has overseen legal and fund-raising issues in numerous other states.

Across the country, tobacco sellers "have been all over the board. In
some states, they've opposed us. In others, they side with us," Azzi

At meetings in Grand Rapids, Lansing and Detroit in the nine months,
Azzi said she moderated discussions among supporters of how the law
should work, and who might contribute to campaign efforts. Attendees
included: dispensary owners, medical marijuana caregivers and
patients, owners of supporting businesses such as stores selling
vaporizers for those who don't want to inhale marijuana smoke, policy
makers and tax groups, and "not to mention marijuana consumers who
prefer not to be criminalized," she said.

After bills to legalize marijuana were repeatedly shunned by state
lawmakers in each of the last several sessions, four groups tried to
mount petition campaigns last year that would let Michigan voters
decide for themselves. None managed to collect enough signatures
within a controversial 180-day limit decreed by the Michigan Secretary
of State. A big part of Azzi's task in Michigan last fall and early
this year, she said, was to get members of the four groups as well as
other activists from around the state to gather in the same rooms and

"There were probably a dozen points of contention, everything from the
tax rates to how much marijuana a person could grow in their home,"
she said. The coalition members compromised on 12 plants per
household, or six per person, according to the group's website, which also lays out their schedule of taxes that
would make marijuana a moneymaker for state and local tax coffers.

Tim Beck, 65, a retired health insurance executive, said he gladly
spent $250 Thursday night to attend the campaign's latest fund-raiser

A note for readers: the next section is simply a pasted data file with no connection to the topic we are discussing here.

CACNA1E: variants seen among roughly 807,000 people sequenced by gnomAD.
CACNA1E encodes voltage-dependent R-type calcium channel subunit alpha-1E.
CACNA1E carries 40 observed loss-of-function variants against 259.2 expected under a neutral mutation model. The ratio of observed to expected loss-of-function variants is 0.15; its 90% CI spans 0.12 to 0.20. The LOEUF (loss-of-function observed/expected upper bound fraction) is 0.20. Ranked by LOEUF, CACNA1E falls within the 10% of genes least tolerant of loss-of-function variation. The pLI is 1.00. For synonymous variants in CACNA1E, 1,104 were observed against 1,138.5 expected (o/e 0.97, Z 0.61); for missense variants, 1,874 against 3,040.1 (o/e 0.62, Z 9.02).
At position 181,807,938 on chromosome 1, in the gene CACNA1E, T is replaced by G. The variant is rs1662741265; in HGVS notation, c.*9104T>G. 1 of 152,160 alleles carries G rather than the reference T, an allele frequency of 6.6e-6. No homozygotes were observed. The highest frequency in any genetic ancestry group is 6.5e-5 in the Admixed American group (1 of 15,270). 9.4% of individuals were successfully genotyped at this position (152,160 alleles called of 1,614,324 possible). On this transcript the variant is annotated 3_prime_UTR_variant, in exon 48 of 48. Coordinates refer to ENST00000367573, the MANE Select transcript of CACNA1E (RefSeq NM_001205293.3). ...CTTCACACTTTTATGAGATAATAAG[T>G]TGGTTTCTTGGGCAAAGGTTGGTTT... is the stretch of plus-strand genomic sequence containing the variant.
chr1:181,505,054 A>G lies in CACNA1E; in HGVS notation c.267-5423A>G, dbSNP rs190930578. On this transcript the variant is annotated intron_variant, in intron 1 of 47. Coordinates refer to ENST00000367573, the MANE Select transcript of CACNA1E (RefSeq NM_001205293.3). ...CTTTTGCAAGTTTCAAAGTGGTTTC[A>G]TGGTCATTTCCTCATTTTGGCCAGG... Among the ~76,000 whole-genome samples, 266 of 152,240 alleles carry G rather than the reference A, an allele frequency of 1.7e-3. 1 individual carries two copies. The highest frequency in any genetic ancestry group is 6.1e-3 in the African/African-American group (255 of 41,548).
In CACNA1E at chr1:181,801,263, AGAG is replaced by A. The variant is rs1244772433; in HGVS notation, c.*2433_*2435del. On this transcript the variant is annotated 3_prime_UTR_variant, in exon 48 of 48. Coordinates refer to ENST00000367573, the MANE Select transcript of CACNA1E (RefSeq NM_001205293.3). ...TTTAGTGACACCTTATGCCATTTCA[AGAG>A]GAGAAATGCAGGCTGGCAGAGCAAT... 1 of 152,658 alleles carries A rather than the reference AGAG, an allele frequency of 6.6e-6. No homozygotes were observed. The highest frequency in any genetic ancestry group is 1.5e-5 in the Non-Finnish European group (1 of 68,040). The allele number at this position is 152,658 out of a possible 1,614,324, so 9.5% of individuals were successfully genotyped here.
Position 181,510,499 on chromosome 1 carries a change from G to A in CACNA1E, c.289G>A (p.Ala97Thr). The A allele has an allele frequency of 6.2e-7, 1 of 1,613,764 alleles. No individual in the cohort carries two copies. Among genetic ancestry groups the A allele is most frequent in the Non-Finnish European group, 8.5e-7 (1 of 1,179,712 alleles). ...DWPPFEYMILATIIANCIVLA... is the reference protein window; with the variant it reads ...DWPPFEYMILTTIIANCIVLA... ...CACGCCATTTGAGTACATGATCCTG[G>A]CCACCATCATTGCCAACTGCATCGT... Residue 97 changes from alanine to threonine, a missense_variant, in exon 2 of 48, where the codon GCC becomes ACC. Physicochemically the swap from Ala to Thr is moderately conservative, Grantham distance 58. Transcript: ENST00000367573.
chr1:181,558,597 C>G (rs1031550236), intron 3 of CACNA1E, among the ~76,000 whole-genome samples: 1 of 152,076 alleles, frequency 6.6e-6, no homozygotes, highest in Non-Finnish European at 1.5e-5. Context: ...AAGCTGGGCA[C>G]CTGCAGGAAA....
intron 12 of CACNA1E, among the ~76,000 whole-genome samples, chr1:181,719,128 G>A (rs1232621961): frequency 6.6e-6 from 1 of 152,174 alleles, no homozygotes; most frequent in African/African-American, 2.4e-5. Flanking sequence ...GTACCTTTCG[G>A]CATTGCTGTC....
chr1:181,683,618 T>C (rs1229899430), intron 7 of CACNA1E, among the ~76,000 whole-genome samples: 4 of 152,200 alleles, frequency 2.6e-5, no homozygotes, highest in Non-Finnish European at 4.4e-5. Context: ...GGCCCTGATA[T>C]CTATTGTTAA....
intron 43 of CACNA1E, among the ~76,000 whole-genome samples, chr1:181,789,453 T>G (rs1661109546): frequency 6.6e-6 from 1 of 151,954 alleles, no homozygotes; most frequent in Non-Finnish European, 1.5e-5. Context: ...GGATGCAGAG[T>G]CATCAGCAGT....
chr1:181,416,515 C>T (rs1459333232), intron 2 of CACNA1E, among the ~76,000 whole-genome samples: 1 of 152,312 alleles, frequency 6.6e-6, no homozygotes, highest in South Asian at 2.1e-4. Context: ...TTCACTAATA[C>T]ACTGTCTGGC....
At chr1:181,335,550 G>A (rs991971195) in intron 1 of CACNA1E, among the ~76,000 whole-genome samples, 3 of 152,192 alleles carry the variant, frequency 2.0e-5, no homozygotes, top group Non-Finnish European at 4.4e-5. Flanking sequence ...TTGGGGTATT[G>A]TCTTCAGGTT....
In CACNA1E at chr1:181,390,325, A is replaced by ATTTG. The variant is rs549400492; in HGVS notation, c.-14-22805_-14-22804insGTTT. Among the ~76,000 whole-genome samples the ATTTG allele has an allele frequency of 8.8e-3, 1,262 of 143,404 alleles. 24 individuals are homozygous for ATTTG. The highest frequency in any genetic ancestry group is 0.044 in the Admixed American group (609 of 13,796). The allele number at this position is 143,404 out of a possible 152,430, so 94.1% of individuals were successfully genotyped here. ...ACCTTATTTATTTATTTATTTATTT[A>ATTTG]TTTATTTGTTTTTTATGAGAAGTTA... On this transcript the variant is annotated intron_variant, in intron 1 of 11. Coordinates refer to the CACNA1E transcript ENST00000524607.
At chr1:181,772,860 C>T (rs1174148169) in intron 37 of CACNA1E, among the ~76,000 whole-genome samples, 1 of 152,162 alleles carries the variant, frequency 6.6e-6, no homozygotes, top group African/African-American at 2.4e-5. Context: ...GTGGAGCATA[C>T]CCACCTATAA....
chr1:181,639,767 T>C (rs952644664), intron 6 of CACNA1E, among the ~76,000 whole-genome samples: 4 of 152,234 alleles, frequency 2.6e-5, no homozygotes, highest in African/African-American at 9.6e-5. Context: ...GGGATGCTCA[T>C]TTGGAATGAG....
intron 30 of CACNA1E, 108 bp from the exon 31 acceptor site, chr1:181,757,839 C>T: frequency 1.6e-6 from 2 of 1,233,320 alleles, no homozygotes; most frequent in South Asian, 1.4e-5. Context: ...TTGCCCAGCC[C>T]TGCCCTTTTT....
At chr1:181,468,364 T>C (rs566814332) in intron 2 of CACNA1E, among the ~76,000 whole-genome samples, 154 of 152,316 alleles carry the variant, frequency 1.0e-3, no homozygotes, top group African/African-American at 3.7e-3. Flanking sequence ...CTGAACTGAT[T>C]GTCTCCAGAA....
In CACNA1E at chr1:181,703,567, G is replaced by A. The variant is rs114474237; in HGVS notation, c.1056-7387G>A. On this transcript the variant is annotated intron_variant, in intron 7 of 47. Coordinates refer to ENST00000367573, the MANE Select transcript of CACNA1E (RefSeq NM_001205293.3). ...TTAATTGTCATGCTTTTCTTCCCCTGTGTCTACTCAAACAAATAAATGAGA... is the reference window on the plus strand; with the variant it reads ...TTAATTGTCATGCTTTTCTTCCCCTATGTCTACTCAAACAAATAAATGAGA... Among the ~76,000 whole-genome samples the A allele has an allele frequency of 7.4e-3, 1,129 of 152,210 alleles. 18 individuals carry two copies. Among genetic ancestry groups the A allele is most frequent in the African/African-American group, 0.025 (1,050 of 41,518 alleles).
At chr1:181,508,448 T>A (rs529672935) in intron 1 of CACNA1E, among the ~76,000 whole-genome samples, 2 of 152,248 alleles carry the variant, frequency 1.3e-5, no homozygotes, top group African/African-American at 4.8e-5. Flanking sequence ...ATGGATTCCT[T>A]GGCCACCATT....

at the Polo Fields Golf and Country Club in Ann Arbor.

The event was sold-out at 100 tickets, "and they had sponsors at
$5,000 a pop," Beck said, adding: "I really think we will win -- the
signatures are coming in so fast." Beck, a former Detroiter who
recently retired to a farm in southwest Michigan, is a longtime
supporter of legalization, having helped fund petition drives in
numerous Michigan cities in which voters approved local ordinances
that eased penalties for possessing marijuana or allowed possession of
small amounts.

Based on the ballot campaign's latest report, "44% of our
contributions were $250 or less -- we have a broad range of both large
donors and small," said Hovey, spokesman for the Coalition to Regulate
Marijuana Like Alcohol.

Since starting the drive to collect signatures less than two months
ago, the group has gathered more than 100,000 signatures, he said.
That's good progress toward collecting the required 252,523 signatures
-- a figure that, by law, must be 8% of the number of votes cast in
Michigan's last election for governor. The group said it has until
Nov. 22 to gather enough signatures.

And, in order to get a cushion to account for signatures that might be
thrown out, the group has set a goal of gathering 350,000 signatures,
said former state representative Jeff Irwin of Ann Arbor, who is the
group's political director.

"We're hitting the streets and talking to everybody," Irwin said

In a failed effort last year to get on the ballot, a different
marijuana group relied mainly on volunteers. This year's coalition,
which includes supporters of last year's effort, is using paid
petition circulators at considerable cost.

"It's going to cost probably a million and a half dollars just to get
on the ballot," Hovey said.

"After that, we'll need to spend a lot more on advertising and all the
methods of communication to make sure that voters have the full story.
We're estimating this is going to be, in total, an $8-million
campaign, by the time the vote actually happens next year," he said.